Syrian Kurdistan: Caught between One Hatred and the Other


Dec 17, 2019

By Amina Hussein

OCTOBER 8th 2019, it’s 6 am and I am in Erbil in the Iraqi side of Kurdistan. I have just arrived from Barcelona where I have been living since 2006 and completed my degree in journalism. The sun is shining, casting its rays onto the windows of the prefabricated houses in Qostapa refugee camp.

I start getting ready, the car will be here any minute now. I am moved and enthusiastic  about going back home, it’s only the second time in 14 years. I close my suitcase and say goodbye to my cousin who has been living in this camp with her family for the last four years. It takes four hours to reach the border with Syrian Kurdistan, I look at the mountainous landscape, it’s dry and wild unlike the memory I carry of my first trip when it was spring and all things seemed abundant.

At 11 am, I arrive in Fishkhabur where the borders meet between the two Kurdistan. I cross the Tigris river, then on to the paperwork. Two hours later, I load my suitcase into the truck that transports our luggage while people travel by bus over the bridge towards Rojava. The trip lasts less than five minutes:  It’s the same people, the same language, same foods and traditions. If it were not for all the hassle we go through when crossing from one side to the other, you would never know we are supposed to be different people.

My sister is waiting on the other side. She’s always lived here which means nine years of war. We embrace and kiss and cry. We have two more hours to go and it’s almost 4 pm when we make it home. The trip was exhausting, as we arrive there are more kisses and welcomes and tears. When my sister goes to the kitchen, I take a moment to connect my smart phone to the internet.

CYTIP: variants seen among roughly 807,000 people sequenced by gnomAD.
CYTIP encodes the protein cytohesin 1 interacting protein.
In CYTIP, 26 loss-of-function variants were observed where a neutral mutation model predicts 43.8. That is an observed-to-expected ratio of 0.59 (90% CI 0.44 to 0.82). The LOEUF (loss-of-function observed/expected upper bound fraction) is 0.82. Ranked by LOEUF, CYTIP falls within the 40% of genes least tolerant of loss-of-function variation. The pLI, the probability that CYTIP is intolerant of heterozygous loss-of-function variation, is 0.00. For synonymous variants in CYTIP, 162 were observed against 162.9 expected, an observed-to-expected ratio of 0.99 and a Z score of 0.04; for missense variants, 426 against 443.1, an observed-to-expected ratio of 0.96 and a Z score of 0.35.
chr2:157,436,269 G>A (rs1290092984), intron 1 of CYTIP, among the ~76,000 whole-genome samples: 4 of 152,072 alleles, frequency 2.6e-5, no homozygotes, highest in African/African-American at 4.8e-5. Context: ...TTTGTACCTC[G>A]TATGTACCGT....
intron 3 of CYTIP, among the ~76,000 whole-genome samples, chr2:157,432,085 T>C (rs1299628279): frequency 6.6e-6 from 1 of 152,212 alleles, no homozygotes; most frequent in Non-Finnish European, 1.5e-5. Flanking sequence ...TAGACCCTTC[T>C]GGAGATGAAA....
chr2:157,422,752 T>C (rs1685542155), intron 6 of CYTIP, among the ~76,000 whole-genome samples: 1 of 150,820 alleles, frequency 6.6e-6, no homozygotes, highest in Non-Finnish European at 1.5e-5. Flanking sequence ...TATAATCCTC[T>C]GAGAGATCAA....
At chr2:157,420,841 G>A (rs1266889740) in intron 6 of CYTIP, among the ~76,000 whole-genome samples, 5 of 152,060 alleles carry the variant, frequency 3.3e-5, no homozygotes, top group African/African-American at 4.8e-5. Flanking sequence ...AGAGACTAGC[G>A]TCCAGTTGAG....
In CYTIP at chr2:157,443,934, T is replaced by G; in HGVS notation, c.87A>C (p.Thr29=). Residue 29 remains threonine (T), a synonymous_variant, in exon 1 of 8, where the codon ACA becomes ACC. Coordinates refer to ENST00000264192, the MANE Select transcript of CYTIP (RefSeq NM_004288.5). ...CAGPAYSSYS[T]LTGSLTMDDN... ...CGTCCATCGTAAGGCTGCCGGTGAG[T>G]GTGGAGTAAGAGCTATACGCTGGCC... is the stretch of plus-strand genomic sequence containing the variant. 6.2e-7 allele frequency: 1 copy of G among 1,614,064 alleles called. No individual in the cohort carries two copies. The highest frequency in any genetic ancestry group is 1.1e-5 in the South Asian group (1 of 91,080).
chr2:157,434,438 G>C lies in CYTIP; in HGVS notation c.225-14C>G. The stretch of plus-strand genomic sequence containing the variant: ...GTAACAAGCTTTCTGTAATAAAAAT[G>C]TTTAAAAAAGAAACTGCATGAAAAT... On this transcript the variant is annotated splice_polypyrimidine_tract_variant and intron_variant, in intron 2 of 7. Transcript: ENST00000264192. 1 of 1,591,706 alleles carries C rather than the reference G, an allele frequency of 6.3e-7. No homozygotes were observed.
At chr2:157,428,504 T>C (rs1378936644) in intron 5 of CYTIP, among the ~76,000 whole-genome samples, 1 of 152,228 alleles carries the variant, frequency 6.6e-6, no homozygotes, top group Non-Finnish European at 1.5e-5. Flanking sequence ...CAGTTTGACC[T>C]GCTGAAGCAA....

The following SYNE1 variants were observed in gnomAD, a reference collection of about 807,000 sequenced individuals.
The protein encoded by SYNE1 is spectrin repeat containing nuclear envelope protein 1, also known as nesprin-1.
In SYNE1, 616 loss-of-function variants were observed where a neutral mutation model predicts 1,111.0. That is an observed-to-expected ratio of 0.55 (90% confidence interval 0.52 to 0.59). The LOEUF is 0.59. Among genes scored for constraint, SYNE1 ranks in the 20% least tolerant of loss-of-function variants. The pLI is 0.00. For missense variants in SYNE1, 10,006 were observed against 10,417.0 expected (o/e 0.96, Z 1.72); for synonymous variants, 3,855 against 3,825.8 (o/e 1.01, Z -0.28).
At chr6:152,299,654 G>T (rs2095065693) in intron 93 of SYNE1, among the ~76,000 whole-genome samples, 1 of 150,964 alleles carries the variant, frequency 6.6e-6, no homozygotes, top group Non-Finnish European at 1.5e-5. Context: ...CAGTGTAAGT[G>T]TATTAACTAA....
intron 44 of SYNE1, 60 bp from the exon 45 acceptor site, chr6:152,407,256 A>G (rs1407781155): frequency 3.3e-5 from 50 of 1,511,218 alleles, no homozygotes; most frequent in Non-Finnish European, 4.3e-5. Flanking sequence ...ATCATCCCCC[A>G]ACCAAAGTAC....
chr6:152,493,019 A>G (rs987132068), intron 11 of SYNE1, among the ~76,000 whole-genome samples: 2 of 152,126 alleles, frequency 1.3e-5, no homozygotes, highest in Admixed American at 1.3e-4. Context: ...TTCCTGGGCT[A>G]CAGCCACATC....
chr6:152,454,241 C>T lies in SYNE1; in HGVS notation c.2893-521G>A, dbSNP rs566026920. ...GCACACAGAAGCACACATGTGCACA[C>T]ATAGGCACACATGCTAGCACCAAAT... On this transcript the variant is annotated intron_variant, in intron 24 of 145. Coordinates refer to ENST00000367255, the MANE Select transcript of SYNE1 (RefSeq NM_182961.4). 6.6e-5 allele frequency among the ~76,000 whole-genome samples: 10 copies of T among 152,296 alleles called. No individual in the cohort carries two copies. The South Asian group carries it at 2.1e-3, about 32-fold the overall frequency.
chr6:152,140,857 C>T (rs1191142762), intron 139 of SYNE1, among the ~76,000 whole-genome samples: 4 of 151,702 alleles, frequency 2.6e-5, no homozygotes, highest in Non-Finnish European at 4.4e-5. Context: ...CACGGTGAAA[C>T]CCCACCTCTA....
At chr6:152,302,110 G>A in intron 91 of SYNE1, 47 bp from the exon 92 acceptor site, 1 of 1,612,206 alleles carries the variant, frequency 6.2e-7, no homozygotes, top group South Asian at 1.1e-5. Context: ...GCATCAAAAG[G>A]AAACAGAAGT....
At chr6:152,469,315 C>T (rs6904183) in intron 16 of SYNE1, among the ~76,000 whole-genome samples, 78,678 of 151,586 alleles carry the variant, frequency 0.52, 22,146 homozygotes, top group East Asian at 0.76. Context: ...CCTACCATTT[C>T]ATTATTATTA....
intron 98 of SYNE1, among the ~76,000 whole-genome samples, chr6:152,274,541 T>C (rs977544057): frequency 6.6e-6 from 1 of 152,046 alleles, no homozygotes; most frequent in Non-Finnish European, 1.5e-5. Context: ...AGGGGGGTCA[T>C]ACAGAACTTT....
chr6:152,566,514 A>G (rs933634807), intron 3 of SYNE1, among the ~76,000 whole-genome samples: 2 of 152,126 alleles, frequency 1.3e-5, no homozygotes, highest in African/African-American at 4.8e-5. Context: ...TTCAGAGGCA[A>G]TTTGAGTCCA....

Headlines: “Turkey has started its military operation to claim the North and East of Syria.” This is not the first time that Ankara attacks here,  In 2018, there was a similar Turkey-led offensive. They took the town of Afrin, a mostly Syrian Kurdish town in the North. As a result, half a million-people fled.

I have never been so close to a war zone, down where the fight rages. This is a live war broadcasted in television, we are being massacred but no one is helping us. You can’t help but think you will be the next victim, one more to join the millions of anonymous women and girls they call casualties.

I turn my attention to the local media, it’s broadcasting from the most bombarded areas: Serekaniye and Tel Abyad. I see people fleeing from the bombs, jet fighters circle the sky as reporters runs after witnesses. My sister puts the food on the table. Nobody eats, instead we look at each other without saying a word. We don’t speak about fear. She says “don’t worry” and “we can’t break down in front of the children.” I nod, but I know that they understand everything, they have known nothing but war.

Suddenly, we hear close-by explosions, everything is shaking in the house, my nephews and niece start screaming and crying. I step outside: three bombs one after the other. The night is long; hours stretch on forever but we still have light and the Internet. Some relatives show up after escaping their own town. We don’t know how it’s going to end. Will we see the sun again? Will we live? Thousands of lives are at stake.

Days come and go, but nothing changes besides the offensives that turn even more violent and destructive. The first victims are children, Sara and Muhammed aged 8 and 10 are siblings, they are playing in the street when the bomb hits, he dies and she loses a leg. Another family of 5, Christians, sees all its member wounded, except for the mother who dies on the spot.

The Turkish army along with the help of radical groups backed by Ankara  such as Faileq al-Sharqiye or Ahrar al-Sham attack every village close to the Turkish border. People don’t know where to hide, hospitals are overflowing. The mosque calls for blood donation, it’s chaos, it’s war. When the bombing stops in the morning, people take advantage of the intermission to bury the dead.